One place where this is all happening is MSNBC.com, a collaboration of Microsoft and NBC Universal that has become one of the most popular online news destinations. Jennifer Sizemore (GJ91), the managing editor, attributes MSNBC.com’s success to a relentless desire to find the best way to tell a story, whether through a video segment of a Tim Russert Meet the Press interview or a page dedicated to Hurricane Katrina with coverage from Newsweek magazine, NBC videos, wire service stories, photos and graphics, plus original material from MSNBC.com reporters. “People are smart enough to navigate information in ways that make sense to them,” she says. “Give them this incredibly immersive experience, and they’ll spend more time than you ever imagined, at their own pace and at their own direction.”
What are the implications of this sea change in the news media? The traditional sources of news face a period of upheaval as their businesses come under attack from new competitors, from Yahoo! for news and information to new bloggers for commentary to eBay and Craigslist for classified advertising. But for the American consumer, many experts say, the result is undeniably positive.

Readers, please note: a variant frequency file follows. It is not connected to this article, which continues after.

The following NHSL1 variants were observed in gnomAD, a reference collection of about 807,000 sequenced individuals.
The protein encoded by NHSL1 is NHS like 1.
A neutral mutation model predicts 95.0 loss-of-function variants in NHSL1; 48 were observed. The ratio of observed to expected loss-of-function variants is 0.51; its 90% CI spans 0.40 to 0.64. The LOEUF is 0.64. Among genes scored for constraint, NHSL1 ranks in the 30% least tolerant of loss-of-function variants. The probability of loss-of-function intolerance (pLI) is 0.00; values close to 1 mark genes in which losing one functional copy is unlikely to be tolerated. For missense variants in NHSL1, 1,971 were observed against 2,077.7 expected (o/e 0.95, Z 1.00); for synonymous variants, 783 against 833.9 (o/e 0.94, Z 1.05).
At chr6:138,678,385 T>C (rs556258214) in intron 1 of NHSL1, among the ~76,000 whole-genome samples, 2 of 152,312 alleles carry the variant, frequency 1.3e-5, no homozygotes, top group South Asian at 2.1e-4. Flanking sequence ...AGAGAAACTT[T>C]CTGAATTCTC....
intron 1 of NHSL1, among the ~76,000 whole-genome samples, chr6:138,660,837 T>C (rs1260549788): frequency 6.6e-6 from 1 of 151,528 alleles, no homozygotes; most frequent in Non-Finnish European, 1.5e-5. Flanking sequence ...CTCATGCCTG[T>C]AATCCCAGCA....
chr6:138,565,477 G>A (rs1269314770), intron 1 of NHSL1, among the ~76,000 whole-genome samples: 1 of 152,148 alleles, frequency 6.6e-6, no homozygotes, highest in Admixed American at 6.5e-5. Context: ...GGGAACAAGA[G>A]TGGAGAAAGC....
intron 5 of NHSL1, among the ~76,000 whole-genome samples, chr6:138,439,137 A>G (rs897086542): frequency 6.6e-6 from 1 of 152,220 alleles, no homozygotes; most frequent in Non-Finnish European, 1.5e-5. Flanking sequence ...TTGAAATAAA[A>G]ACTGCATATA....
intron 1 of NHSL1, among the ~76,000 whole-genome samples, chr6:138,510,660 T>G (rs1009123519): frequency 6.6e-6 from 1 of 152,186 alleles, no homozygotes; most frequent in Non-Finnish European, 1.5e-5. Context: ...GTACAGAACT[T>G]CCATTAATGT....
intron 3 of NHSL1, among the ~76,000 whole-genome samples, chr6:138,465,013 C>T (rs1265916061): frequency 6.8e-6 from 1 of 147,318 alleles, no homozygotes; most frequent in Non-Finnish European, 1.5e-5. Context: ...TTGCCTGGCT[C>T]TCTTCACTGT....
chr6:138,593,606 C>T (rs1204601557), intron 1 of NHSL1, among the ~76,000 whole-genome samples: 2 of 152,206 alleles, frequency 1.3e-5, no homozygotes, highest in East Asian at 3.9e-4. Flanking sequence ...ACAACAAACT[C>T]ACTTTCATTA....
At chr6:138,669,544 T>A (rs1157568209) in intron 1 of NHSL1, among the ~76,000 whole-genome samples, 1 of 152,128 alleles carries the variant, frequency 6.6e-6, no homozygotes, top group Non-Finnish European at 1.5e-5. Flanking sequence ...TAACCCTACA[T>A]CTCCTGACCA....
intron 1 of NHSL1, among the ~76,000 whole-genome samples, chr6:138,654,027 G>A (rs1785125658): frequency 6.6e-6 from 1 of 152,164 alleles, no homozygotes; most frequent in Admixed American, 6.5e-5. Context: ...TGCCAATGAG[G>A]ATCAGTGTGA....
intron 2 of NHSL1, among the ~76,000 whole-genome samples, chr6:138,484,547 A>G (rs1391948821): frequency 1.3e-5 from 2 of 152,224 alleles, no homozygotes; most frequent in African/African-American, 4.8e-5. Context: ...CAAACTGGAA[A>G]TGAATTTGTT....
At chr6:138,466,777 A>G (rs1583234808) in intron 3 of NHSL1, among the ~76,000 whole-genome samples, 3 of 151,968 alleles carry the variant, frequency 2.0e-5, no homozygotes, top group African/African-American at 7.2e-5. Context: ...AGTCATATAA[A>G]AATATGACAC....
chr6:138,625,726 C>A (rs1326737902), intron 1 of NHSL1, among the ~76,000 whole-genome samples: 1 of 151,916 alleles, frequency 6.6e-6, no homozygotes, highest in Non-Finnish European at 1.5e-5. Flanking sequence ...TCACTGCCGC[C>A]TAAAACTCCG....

“We live in a world of ideas, and it’s healthy to have additional voices and additional eyes,” says Louie. A seminal moment in citizen journalism occurred in the minutes after the July 7, 2005, attack on the London subway system, when bystanders snapped video and still photos with their cell phones and handheld computers. Those eyewitness images, forwarded all over the world, told a story that no professional journalist could. Indeed, they were complementary to the analysis and deeper reporting that the professionals added later (see “Citizen Journalist,” spring 2006).
On the horizon, some believe, is a nascent breed of news company that will rise to challenge the traditional stalwarts. “The best of these upstart new media companies will quickly make their mark by recruiting young, creative, fearless journalists and innovators but also by recruiting some of the best of the increasingly disgruntled and frustrated journalistic talent on ever-shrinking staffs at major newspapers and media companies,” says George de Lama (J79), deputy managing editor for news at the Chicago Tribune. When the upstarts gain enough attention to threaten the slower-moving giants, the traditional news outlets will purchase them, de Lama says. Ultimately, he says, there may be fewer traditional newspaper jobs, but the overall number of jobs in journalism will grow.
At the time of the American Revolution, the “news media” consisted of small pamphlets published by individuals who tried to sway their neighbors about the hottest topics of the day, from the unfairness of the tea tax to the establishment of a federal government. Though often personal and definitely partisan, the public debate was robust and free flowing, Gordon says. “The Founding Fathers looked at that and said, ‘This is what we need to preserve,’ and that world is very similar to the one we’re heading into.”
Josh Kwan (KSM06) has a one-year fellowship from the Phillips Foundation to write about Northeast Asia. Previously, he was a reporter at the San Jose Mercury News and an intern in strategic planning at the New York Times.